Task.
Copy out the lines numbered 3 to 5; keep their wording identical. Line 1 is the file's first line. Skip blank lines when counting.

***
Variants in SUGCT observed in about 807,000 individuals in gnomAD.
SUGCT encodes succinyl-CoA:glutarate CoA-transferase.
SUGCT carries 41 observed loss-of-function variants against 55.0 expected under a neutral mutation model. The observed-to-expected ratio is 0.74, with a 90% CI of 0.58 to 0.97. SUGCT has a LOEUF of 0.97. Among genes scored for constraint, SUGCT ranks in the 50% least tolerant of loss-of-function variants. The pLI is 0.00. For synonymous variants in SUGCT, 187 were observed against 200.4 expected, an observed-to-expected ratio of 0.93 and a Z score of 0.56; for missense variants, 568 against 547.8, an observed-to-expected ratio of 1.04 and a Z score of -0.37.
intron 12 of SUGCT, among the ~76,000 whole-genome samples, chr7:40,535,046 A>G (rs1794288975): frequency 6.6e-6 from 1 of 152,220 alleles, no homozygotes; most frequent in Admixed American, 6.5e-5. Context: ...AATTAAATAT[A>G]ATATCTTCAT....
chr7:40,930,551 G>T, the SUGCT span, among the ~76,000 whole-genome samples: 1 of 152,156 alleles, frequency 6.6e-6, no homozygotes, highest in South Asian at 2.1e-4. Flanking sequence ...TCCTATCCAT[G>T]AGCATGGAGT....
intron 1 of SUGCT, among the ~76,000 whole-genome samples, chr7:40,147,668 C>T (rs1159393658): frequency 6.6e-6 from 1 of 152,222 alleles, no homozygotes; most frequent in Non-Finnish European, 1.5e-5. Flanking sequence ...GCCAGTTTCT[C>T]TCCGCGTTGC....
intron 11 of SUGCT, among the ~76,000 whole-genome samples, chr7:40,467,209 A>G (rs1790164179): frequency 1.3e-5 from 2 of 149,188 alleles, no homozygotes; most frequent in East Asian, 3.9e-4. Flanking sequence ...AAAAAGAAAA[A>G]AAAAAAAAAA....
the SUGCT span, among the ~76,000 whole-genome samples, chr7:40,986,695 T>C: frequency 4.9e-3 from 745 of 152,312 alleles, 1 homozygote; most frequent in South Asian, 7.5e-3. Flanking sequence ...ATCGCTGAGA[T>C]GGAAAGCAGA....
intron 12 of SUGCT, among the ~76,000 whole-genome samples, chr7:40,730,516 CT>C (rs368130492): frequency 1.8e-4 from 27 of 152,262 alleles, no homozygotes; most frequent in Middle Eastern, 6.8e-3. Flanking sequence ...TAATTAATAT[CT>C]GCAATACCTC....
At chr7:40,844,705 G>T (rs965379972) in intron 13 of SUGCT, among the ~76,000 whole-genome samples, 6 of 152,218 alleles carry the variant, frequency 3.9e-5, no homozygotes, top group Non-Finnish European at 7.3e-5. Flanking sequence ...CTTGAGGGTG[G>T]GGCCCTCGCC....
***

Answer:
SUGCT carries 41 observed loss-of-function variants against 55.0 expected under a neutral mutation model. The observed-to-expected ratio is 0.74, with a 90% CI of 0.58 to 0.97. SUGCT has a LOEUF of 0.97. Among genes scored for constraint, SUGCT ranks in the 50% least tolerant of loss-of-function variants. The pLI is 0.00. For synonymous variants in SUGCT, 187 were observed against 200.4 expected, an observed-to-expected ratio of 0.93 and a Z score of 0.56; for missense variants, 568 against 547.8, an observed-to-expected ratio of 1.04 and a Z score of -0.37.
intron 12 of SUGCT, among the ~76,000 whole-genome samples, chr7:40,535,046 A>G (rs1794288975): frequency 6.6e-6 from 1 of 152,220 alleles, no homozygotes; most frequent in Admixed American, 6.5e-5. Context: ...AATTAAATAT[A>G]ATATCTTCAT....
chr7:40,930,551 G>T, the SUGCT span, among the ~76,000 whole-genome samples: 1 of 152,156 alleles, frequency 6.6e-6, no homozygotes, highest in South Asian at 2.1e-4. Flanking sequence ...TCCTATCCAT[G>T]AGCATGGAGT....